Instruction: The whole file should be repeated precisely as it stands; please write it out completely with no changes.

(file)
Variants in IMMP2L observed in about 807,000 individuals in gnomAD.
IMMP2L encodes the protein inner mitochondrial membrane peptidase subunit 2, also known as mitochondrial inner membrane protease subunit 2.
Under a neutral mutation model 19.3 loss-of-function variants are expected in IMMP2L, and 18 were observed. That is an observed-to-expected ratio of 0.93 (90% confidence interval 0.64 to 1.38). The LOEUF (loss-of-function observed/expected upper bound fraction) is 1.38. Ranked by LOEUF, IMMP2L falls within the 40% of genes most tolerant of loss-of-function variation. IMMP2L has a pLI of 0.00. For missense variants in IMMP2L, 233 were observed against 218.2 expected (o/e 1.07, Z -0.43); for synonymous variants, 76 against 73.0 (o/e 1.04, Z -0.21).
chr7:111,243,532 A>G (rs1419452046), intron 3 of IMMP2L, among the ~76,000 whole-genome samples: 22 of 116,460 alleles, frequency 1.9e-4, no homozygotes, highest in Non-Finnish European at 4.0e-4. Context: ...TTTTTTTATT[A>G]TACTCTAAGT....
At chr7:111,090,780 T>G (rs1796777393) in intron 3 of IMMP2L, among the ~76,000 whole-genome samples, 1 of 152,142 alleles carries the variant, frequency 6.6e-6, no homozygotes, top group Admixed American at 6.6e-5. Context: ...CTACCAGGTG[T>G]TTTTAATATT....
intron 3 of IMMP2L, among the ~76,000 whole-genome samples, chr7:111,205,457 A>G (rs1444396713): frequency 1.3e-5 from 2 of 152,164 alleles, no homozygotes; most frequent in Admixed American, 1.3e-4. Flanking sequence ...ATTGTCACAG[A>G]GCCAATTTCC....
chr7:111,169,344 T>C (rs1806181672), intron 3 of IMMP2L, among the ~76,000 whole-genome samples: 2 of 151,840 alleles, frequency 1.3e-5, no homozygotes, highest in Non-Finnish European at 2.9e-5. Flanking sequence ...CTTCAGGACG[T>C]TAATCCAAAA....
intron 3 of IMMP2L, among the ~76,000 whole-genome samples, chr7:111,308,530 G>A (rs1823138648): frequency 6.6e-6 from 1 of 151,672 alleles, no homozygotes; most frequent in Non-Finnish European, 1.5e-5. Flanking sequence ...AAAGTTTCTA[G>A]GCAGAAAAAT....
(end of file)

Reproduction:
Variants in IMMP2L observed in about 807,000 individuals in gnomAD.
IMMP2L encodes the protein inner mitochondrial membrane peptidase subunit 2, also known as mitochondrial inner membrane protease subunit 2.
Under a neutral mutation model 19.3 loss-of-function variants are expected in IMMP2L, and 18 were observed. That is an observed-to-expected ratio of 0.93 (90% confidence interval 0.64 to 1.38). The LOEUF (loss-of-function observed/expected upper bound fraction) is 1.38. Ranked by LOEUF, IMMP2L falls within the 40% of genes most tolerant of loss-of-function variation. IMMP2L has a pLI of 0.00. For missense variants in IMMP2L, 233 were observed against 218.2 expected (o/e 1.07, Z -0.43); for synonymous variants, 76 against 73.0 (o/e 1.04, Z -0.21).
chr7:111,243,532 A>G (rs1419452046), intron 3 of IMMP2L, among the ~76,000 whole-genome samples: 22 of 116,460 alleles, frequency 1.9e-4, no homozygotes, highest in Non-Finnish European at 4.0e-4. Context: ...TTTTTTTATT[A>G]TACTCTAAGT....
At chr7:111,090,780 T>G (rs1796777393) in intron 3 of IMMP2L, among the ~76,000 whole-genome samples, 1 of 152,142 alleles carries the variant, frequency 6.6e-6, no homozygotes, top group Admixed American at 6.6e-5. Context: ...CTACCAGGTG[T>G]TTTTAATATT....
intron 3 of IMMP2L, among the ~76,000 whole-genome samples, chr7:111,205,457 A>G (rs1444396713): frequency 1.3e-5 from 2 of 152,164 alleles, no homozygotes; most frequent in Admixed American, 1.3e-4. Flanking sequence ...ATTGTCACAG[A>G]GCCAATTTCC....
chr7:111,169,344 T>C (rs1806181672), intron 3 of IMMP2L, among the ~76,000 whole-genome samples: 2 of 151,840 alleles, frequency 1.3e-5, no homozygotes, highest in Non-Finnish European at 2.9e-5. Flanking sequence ...CTTCAGGACG[T>C]TAATCCAAAA....
intron 3 of IMMP2L, among the ~76,000 whole-genome samples, chr7:111,308,530 G>A (rs1823138648): frequency 6.6e-6 from 1 of 151,672 alleles, no homozygotes; most frequent in Non-Finnish European, 1.5e-5. Flanking sequence ...AAAGTTTCTA[G>A]GCAGAAAAAT....